‘This isn’t a one-way lecture or a silent library,” Rav Bentsy told the too-polite parents of some 100 18-year-olds who had crowded into a beit midrash, way up in the Golan Heights to see what their sons would be doing this year. “The learning only begins with a question, or even an argument.”
With that, the questions started, and the learning really did begin. After a spirited half hour we had tasted both the openness and the substance our sons have enjoyed this past month at Keshet Yehuda. This mechina, or pre-military academy, is one of 43 extraordinary “laboratories for life,” as Rabbi Ben Tsion Hameiri calls them, giving young Israelis a “year of learning and growth without commitments, freed of the usual family responsibilities, jobs, grades or pressure.”
You know those movies depicting hyper-disciplined, spit-and-polish military academies with uniformed teenagers playing soldier, hazing weaklings amid perfectly made beds on spic-and-span floors. Now, erase those images more thoroughly than Hillary Clinton’s aides cleaned her private email server.
We’re talking Israeli pre-military academies.
These institutions, which require army approval because the participants defer their military service by 12-to- 18 months, lovingly nurture future recruits’ minds, hearts, and souls. They are quintessentially Israeli: as undisciplined, untidy, and unmilitary as your favorite shwarma stand but as grounding, moving, and stimulating as “Hatikva.”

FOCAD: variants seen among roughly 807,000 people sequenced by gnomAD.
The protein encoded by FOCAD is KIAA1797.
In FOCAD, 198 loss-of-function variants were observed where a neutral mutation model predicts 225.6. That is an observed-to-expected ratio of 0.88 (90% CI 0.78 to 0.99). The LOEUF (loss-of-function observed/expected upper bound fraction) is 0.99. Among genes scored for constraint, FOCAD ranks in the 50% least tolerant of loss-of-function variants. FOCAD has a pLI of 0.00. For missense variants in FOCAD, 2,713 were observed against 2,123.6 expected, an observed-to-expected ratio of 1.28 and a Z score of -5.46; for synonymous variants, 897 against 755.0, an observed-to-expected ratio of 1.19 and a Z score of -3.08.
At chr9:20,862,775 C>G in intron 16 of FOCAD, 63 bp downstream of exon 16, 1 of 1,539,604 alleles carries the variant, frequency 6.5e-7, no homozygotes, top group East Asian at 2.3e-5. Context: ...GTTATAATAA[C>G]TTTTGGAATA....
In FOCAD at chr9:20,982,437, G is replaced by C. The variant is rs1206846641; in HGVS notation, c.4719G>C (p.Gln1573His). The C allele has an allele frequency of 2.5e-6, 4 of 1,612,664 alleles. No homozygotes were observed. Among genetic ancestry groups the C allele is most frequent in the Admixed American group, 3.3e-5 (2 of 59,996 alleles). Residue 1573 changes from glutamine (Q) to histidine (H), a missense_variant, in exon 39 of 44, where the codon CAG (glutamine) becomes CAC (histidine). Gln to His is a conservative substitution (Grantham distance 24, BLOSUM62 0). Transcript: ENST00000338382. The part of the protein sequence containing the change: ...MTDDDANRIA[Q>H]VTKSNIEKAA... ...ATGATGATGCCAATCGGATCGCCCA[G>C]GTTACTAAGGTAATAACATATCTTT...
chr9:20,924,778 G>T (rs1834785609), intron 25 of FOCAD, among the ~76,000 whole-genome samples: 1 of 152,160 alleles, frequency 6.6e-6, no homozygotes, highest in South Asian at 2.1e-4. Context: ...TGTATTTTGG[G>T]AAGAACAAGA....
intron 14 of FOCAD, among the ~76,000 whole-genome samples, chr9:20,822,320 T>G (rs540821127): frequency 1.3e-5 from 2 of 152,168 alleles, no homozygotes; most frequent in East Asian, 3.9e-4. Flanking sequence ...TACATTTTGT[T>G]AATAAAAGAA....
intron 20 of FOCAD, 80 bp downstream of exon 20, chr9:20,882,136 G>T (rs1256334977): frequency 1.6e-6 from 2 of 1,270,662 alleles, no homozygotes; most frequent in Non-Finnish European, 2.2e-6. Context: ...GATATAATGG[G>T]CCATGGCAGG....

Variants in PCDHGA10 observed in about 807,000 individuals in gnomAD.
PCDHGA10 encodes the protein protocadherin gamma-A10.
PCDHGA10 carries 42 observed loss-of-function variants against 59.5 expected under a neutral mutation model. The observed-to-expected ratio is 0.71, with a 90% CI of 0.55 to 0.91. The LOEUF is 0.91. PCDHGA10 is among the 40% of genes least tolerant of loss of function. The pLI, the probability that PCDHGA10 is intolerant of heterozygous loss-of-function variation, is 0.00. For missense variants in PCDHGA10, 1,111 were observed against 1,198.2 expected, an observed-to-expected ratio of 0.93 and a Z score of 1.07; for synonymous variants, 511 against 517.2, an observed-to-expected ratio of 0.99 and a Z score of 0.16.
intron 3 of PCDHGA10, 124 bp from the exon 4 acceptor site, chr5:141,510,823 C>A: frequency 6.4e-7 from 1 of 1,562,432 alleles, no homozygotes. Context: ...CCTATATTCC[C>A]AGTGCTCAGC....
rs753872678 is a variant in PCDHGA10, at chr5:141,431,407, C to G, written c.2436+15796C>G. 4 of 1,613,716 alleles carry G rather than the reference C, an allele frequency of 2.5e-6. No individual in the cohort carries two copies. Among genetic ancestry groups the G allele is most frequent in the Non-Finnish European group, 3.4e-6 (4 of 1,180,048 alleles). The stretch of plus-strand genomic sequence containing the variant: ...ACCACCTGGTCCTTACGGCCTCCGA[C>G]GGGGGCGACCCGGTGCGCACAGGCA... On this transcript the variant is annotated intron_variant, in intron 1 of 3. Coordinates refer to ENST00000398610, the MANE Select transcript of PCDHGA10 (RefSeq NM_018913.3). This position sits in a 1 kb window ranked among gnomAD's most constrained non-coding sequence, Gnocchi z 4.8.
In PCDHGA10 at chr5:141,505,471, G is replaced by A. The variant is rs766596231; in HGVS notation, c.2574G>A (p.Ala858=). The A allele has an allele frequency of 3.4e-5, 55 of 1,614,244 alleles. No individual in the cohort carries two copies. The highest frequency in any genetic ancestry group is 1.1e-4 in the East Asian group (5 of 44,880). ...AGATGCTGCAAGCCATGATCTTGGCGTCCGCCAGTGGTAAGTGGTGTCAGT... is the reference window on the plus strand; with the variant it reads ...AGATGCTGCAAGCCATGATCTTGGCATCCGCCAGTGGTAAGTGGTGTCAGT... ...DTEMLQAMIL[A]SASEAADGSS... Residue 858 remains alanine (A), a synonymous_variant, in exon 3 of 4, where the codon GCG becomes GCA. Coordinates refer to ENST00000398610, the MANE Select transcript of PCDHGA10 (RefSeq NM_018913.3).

The first mechina, B’nai David, began in 1987, as an alternative to hesder yeshivas, which rotate learning and serving.
Hoping to encourage more religious officers, the mechina prepped for what the IDF calls “a full and meaningful army service.”
Keshet Yehuda began five years later, inspired by Rav Kook’s teachings, to strengthen religious recruits spiritually, before the stresses of army service. The growth spurt came in 1995, following Yitzhak Rabin’s assassination. Educators added secular and mixed academies to encourage values-oriented learning in Israel, about Judaism, Zionism, Israel, and life.
It worked. From 700 high school graduates attending six mechinot in 1997, today 3,300 students attend 43 academies, with seven more being developed. Some, like Keshet Yehuda, offer parallel programs for Diaspora Jews. The defense and education ministries split most costs, while parents also pay tuition. Many graduates join elite units, and – reflecting motivation and skill – are twice as likely to become officers.
Today, 19 mechinot are religious, and 24 general, including some mixing religious and secular. Some are all-male, some are mixed. Some emphasize Torah learning, some emphasize general philosophy, some emphasize volunteering.
All offer patriotic, Jewish and Zionist educational experiences, including hikes and physical workouts to prepare them for their army service.
While there are admissions standards and some competition to join some mechinot, getting accepted is nothing like the insane pressure-cooker of Americans applying for college or Israelis applying for elite army units.
High school seniors choosing mechina wonder “what’s best for my mind and soul,” and “how can I best flourish next year,” rather than negotiating all that ego-busting stress.